Hazrat Imam Shafi‘i – Part II


Malik Saif-ur-Rahman (1914-1989)

Imam Shafi‘i’srh journey to Egypt

Hazrat Imam Shafi‘irh lived in Baghdad for around three years, though he never really considered it home. The Mu‘tazillites were gaining influence in the area and had submitted to Mamun al-Rashid. Aside from this, after the defeat of Al-Amin [son of Harun al-Rashid], the Arabic influence over the area began to diminish and Mamun al-Rashid gained the support of the people of Khorasan and Persia, who had great influence over him.

The people of the Quran and Sunnah, therefore, began to face difficulties. In such circumstances, Imam Shafi‘irh did not deem it suitable to continue living in Baghdad and after consulting some of his peers, he decided to shift to Egypt as it was far away from Baghdad, the Markaz, and also because the students of his contemporary, Hazrat Imam Malikrh resided there, who he hoped to live peacefully with.

Egypt at the time still had an Arabic foothold. Another reason for his decision to move was that the Governor of Egypt, Abbas bin Abdullah Abbasi held him in high regard. Thus, bearing this in mind, he migrated from Baghdad to Egypt in 199 AH. The journey was extremely long and arduous. The situation he faced in Egypt was no less difficult as he faced many challenges.

During his journey to Egypt, in fact, he expressed his thoughts in a qaseeda, of which two couplets are:

لَقَدْ اَصْبَحَتْ نَفْسِیْ تَتُوْقُ اِلیٰ مِصْرِ

وَمِنْ دُوْنِھَا قَطْعُ الْمَھَامِہِ وَالْقَفْرِ

فَوَاللہِ مَا اَدْرِیْ اَلِلْفَوْزِ وَالْغِنیٰ

اُسَاقُ اِلَیْھَا اَمْ اُسَاقُ اِلیَ الْقَبْرِ

“I wish to journey to Egypt, yet the path between is dangerous and full of desert. By God, I do not know whether peace and tranquillity awaits me or if fate has something else in store; I am oblivious to this.”

When Imam Shafi‘irh arrived in Egypt, he experienced immense success. The governor of Egypt approved a set allowance for him from the “Sahm-e-Zawil-Qurba” part of the treasury. A student of Imam Malikrh, Abdullah bin Abdul Hakam, who was affluent and an influential figure in the government, helped him a great deal and extended all sorts of comforts for him. Here, he got the chance to proofread his books and start a school, however divine decree did not allow much time for this as his time quickly approached.

Due to a severe bowel illness, he became extremely weak. There began rebellions in Egypt and he faced severe opposition on behalf of Malikis. As he faced these challenges, this star of knowledge left this world for the Hereafter in 204 AH at the relatively young age of 54.

فَاِنَّا لِلہِ وَاِنَّا اِلَیْہِ رَاجِعُوْنَ

[Surely to Allah we belong and to Him shall we return.]

Allah had blessed him with talented students and sincere friends, both in Baghdad and Egypt. His students at Baghdad spread his school of thought to the regions of Persia, Khorasan and Ma Wara al-Nahr [Transoxiana]. Here, they faced the Hanafi school of thought, which gave them a tough time. Sultan Mahmud of Ghazni followed his fiqh order. The Sunni Kurds of Iran today are mostly followers of his fiqh school of thought.

Students and followers of Imam Shafi‘irh His students gained much acclaim in the East and had the chance to serve their nations on intellectual levels. Imam Ahmadrh bin Hanbal especially had this honour, who was a permanent imam of this order. Al-Za‘farani had the opportunity to spread his Kutub al-Baghdadiyya in these areas. Apart from these, hundreds of world-renowned scholars associated themselves with his fiqh school of thought, for example, Imam-ul-Haramain Abdul Malik bin Abdullah al-Juwayni, HujjatulIslam Imam Muhammad al-Ghazali, Allama Fakhr al-Din al-Razi, Abu Hamid al-Asfara‘ini, Taqi al-Din al-Subki, Allama al-Mawardi Sahib-ul-Ahkam al-Sultaniyya, Sultan al-Ulema Allama, Izz al-Din ibn Abd al-Salam, Ibn Daqiq al-‘Id, Nizam al-Mulk Tusi and commentator of Sahih Muslim Allama Nawawi.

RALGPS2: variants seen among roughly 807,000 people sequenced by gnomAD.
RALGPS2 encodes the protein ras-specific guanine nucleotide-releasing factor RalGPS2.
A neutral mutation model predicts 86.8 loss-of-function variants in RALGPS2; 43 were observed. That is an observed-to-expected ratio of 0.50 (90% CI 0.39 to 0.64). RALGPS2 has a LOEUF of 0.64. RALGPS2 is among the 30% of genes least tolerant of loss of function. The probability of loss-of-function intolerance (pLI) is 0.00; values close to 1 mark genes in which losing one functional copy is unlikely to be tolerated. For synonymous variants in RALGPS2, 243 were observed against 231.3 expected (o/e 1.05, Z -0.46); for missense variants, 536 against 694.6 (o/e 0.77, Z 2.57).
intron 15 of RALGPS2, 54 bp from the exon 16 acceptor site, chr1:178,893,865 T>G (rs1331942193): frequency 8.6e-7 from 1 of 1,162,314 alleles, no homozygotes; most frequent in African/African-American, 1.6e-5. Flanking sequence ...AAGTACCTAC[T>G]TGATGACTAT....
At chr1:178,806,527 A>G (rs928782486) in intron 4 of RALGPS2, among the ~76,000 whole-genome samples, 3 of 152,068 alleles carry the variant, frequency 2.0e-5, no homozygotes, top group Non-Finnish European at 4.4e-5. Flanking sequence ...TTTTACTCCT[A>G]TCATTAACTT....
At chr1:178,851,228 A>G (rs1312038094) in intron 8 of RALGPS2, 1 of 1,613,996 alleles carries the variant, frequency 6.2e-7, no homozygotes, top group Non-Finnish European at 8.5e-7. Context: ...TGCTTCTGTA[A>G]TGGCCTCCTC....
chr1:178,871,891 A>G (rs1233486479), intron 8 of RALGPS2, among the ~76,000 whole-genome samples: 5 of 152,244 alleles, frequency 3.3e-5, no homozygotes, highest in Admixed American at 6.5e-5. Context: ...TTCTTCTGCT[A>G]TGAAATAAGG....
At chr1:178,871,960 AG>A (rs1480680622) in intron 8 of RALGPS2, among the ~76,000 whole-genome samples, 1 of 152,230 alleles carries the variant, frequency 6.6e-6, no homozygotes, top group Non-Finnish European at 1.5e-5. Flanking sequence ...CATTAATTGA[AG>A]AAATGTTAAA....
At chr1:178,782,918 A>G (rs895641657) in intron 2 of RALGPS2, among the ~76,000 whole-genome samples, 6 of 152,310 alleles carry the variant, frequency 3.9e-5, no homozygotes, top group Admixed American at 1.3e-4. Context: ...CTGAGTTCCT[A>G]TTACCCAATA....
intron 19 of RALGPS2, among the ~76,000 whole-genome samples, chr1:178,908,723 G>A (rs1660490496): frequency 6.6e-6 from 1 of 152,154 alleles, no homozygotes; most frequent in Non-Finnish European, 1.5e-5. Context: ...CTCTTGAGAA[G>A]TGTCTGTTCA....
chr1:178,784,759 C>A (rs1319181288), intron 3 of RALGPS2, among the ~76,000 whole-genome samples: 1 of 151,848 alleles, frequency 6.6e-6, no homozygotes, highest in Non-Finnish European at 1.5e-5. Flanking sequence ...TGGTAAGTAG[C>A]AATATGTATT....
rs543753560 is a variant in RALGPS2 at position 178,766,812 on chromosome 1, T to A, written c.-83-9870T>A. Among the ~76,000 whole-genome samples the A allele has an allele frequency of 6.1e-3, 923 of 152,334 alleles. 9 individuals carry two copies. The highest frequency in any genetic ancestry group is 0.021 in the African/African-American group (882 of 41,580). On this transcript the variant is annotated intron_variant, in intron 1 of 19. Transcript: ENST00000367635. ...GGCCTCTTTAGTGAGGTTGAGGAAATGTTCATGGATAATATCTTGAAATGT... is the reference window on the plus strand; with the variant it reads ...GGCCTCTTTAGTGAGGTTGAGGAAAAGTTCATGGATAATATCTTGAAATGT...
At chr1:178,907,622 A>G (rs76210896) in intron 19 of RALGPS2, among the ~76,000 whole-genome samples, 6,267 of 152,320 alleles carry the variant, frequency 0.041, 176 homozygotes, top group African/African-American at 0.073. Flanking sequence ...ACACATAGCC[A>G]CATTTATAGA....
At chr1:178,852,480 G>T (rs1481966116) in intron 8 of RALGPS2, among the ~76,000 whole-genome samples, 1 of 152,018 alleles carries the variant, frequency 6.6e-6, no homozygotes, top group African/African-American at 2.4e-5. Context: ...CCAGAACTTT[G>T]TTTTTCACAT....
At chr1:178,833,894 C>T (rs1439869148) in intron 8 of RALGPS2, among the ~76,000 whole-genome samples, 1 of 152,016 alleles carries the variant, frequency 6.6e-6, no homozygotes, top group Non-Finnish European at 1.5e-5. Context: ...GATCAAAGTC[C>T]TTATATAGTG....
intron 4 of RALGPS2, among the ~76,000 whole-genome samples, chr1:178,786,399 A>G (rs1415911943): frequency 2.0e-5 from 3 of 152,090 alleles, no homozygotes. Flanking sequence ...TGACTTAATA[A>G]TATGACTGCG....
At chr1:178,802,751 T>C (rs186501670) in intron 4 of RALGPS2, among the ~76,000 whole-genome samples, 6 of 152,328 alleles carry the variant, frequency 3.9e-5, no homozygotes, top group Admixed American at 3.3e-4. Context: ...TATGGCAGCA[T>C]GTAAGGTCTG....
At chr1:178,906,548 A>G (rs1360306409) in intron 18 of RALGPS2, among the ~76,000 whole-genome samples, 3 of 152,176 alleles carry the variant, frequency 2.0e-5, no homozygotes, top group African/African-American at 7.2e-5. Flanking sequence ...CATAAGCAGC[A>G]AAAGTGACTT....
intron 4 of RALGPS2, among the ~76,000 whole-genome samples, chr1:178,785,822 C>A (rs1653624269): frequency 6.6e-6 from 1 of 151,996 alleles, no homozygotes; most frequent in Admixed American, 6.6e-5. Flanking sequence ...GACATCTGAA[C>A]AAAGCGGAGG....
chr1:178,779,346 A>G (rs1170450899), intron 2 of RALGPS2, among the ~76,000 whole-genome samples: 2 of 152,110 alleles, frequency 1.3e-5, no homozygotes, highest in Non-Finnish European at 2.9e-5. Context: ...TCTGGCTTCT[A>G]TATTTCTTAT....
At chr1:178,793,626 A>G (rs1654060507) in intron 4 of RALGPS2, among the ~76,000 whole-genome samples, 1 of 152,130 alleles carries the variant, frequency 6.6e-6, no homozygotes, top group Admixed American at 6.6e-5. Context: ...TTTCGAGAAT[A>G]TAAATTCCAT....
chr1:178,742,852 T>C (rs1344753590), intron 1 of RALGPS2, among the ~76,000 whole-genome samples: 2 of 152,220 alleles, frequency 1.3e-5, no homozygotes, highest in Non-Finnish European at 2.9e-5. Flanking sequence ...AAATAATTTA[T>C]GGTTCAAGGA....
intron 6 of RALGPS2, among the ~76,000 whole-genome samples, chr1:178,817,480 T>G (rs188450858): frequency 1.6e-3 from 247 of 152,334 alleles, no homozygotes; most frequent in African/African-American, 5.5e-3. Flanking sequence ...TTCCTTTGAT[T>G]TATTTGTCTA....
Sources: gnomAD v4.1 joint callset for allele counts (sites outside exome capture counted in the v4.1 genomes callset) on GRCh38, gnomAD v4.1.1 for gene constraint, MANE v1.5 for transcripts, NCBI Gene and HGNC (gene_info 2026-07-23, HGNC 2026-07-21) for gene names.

All these scholars were affiliated with the Shafi‘i order and through their efforts, his school of thought spread far and wide.

A debate with Imam Shafi‘irh

Imam Shafi‘irh had no comparison when it came to argumentation and debates. Once, Imam Muhammad bin Hasan al-Shaybani somewhat teasingly said to him, “I have heard that you consider my view of ghasab [seizing] to be incorrect.”

At first, Imam Shafi‘irh apologised and decided to avoid directly answering the question as he had immense respect for Imam Muhammad and also because he wanted to avoid any argument. However, Hanafis are of the view that debates should be pursued as they open up new avenues of knowledge and matters become clearer. When Imam Muhammad pressed a little harder, Imam Shafi‘irh became ready to debate on the topic. With regard to ghasab, Hanafis are of the view that:

1. If the item that has been seized is still intact, then it should be returned to the person from whom it had been seized

2. If the seized item has been rendered useless, then it should be paid for

3. If the seized item has been transformed into something else (for example, a building is erected on a plot of land, paper was seized on which a book has been written, gold was stolen and moulded into jewellery, cloth was seized and sewn into a shirt or trousers), then the owner will still be paid the full worth of the original item. However, if the originally seized item has something else now attached to it (for example, a cow was stolen which gave birth to a calf) then the originally seized item will be returned along with its by-product

Shafi‘i’s are against the third point. They say that in such a scenario, the rightful owner has the right to take back what belongs to them, however if the one who seized the item desires, they may destroy the erected house and take the debris.

Nonetheless, the debate ensued in the following manner:

Imam Muhammad: If a person seizes another person’s plot of land and builds a beautiful building, worth hundreds of thousands of rupees, but the plot of land is worth a lot less, then what is your view?

Imam Shafi‘irh: The land should be returned to the rightful owner, however if the one who seized the land wishes, they may take the debris with them. In any case, the owner cannot be forced to purchase the house or sell off the land.

Imam Muhammad: Let’s say a person seized some planks of wood and fixed one of his boats with them and the boat has now set sail with passengers on board. If the person who owned the planks of wood demands for them to be returned in the middle of their journey, what is your verdict in such a case?